First, Biden is not yet a candidate, and may not even run for re-election. Even if Biden runs, there is no guarantee that Trump will be the GOP nominee. At this point, he is running only for the opportunity to run in the general election.
Second, there is no precedent for appointing a special counsel to investigate a candidate for president, but there is precedent not to. When Hillary Clinton was investigated for mishandling classified information on her private e-mail server in 2016, no special counsel was appointed. On the other hand, appointing a special counsel to investigate anyone who announces their candidacy two years before election would create a dangerous precedent. Any natural-born citizen over the age of 35 can announce a campaign for president. They don’t even need to follow through because they can end their campaign at any time. Requiring a special counsel for every candidate who announces a campaign would be an easy way for the subject of an investigation to gum up the works.
Third, is there anyone who could serve as special counsel in these cases who would provide the public confidence the regulations contemplate? When Mueller was appointed, no one in the law was more respected for his integrity, but that did not stop Trump from disparaging him anyway, referring to his investigation as an “illegal and treasonous attack on our Country” and his team as “18 angry Democrats.” In our hyper-partisan world, critics of DOJ will not be satisfied with anyone who is willing to take the job.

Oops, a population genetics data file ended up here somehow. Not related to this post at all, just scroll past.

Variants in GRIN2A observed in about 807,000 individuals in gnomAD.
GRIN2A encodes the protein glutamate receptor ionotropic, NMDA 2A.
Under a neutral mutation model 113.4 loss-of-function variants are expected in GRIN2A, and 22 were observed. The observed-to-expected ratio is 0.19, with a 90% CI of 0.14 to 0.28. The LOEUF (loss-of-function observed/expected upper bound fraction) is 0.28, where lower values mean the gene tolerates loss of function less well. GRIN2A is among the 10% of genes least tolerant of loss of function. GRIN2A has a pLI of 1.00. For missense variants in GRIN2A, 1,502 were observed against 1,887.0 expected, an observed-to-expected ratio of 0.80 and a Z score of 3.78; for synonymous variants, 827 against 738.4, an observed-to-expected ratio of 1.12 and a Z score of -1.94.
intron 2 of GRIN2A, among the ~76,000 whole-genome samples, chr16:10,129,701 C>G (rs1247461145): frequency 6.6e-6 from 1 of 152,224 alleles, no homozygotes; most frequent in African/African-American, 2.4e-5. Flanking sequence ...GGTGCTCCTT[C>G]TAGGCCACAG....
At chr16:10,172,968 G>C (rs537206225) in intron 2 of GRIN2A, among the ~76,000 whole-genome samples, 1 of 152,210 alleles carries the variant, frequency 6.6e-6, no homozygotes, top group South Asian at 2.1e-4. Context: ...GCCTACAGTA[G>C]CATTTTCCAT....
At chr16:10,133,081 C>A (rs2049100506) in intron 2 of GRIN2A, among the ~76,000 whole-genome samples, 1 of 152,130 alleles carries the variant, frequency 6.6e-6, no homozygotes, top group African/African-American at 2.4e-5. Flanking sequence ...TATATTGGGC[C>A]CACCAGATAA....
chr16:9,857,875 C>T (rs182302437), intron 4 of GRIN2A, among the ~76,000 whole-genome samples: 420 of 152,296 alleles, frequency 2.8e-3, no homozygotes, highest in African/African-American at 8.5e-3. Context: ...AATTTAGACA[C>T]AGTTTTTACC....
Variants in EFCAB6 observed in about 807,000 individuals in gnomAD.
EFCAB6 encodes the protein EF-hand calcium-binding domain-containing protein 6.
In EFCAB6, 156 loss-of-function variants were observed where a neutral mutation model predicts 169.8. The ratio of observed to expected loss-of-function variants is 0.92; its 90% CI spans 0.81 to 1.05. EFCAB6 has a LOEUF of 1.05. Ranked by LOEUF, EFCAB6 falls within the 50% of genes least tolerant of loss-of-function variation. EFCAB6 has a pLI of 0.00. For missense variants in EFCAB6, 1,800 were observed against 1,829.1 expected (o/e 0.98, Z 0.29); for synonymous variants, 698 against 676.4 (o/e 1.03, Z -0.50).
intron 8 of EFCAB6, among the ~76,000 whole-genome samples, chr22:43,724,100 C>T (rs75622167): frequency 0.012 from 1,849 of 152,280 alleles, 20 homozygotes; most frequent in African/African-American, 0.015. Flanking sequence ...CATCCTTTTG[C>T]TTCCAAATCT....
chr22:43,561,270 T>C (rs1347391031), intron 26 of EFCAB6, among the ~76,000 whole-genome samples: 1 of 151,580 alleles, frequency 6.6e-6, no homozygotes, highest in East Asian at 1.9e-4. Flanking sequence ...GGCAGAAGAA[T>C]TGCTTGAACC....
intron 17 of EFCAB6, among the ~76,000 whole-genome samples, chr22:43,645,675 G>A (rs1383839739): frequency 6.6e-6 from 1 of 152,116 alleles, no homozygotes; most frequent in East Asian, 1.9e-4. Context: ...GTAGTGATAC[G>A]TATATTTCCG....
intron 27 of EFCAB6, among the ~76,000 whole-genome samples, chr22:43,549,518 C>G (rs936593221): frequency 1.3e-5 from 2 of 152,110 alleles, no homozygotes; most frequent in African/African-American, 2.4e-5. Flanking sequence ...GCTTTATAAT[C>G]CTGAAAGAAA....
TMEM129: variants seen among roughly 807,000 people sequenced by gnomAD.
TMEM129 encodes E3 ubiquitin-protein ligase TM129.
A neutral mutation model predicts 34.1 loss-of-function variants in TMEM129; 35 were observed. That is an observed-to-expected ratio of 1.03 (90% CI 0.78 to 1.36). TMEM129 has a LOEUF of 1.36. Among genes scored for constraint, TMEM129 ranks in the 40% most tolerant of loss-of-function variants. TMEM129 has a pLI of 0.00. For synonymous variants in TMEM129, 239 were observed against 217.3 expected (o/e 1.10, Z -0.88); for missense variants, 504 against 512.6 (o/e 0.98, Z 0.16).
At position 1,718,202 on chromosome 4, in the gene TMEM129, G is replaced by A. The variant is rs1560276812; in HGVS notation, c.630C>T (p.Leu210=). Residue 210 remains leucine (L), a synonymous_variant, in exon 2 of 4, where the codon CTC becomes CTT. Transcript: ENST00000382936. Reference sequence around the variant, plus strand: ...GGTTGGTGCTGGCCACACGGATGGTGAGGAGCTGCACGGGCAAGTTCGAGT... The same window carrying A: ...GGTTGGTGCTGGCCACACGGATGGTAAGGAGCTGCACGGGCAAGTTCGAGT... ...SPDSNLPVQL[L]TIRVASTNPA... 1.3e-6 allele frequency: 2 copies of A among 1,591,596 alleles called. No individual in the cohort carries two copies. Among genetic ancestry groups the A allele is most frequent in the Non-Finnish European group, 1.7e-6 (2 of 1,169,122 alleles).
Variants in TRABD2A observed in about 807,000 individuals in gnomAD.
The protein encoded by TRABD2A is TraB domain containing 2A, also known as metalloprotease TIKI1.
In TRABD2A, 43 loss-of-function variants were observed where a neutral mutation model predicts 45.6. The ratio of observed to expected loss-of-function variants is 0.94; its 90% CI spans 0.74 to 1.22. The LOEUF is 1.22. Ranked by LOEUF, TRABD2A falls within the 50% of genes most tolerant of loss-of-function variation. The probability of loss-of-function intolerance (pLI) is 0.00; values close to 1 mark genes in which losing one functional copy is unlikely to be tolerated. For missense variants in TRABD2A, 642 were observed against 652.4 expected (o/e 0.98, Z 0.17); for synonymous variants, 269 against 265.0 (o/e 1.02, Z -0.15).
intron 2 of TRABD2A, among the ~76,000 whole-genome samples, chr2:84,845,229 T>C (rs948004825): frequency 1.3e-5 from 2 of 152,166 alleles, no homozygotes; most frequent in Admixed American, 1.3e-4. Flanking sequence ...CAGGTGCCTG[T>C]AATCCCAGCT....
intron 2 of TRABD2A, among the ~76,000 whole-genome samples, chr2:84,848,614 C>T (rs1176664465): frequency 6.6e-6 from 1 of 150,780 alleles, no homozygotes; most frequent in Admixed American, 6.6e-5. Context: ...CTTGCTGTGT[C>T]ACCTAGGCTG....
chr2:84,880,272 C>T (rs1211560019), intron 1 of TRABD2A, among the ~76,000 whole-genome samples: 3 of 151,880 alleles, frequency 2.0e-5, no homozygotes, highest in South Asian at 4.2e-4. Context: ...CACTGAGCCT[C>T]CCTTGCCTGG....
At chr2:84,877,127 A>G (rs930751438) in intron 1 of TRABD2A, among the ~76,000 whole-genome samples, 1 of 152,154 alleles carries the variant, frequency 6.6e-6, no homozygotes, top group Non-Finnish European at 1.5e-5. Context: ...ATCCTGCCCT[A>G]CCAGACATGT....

And finally, the independence of a special counsel is a bit illusory anyway. The regulations permit the attorney general to overrule a decision by a special counsel. The only recourse is disclosure—the regulations provide that the attorney general must report to Congress when he rejects an action proposed by the special counsel. If the attorney general has the ability to influence the outcome of the investigation, then the special counsel is not truly independent.
In fact, appointment of a special counsel seems to undermine the very sentiments expressed in the election sensitivities policy—that DOJ lawyers are committed to “fairness, neutrality, and non-partisanship.” If so, then there is no need for a special counsel to assure the public of impartiality. Appointing a special counsel tends to suggest that DOJ lawyers cannot be fair. If Garland wants to promote the notion that the Justice Department acts “without fear or favor,” as he likes to say, then no special counsel can do the job any better than one of its career lawyers.
In addition to these legal factors, a practical consideration also militate against appointing a special counsel: time. Appointing a new lawyer to take over the investigation will create delay. A new lawyer would need to hire his own staff, all of whom would need time to get up to speed. If Trump is seeking to regain the Oval Office, then DOJ must complete not only the investigations, but the trials before Jan. 20, 2025. That’s when a newly sworn in President Trump could take the ultimate act of partisanship in prosecution—and pardon himself.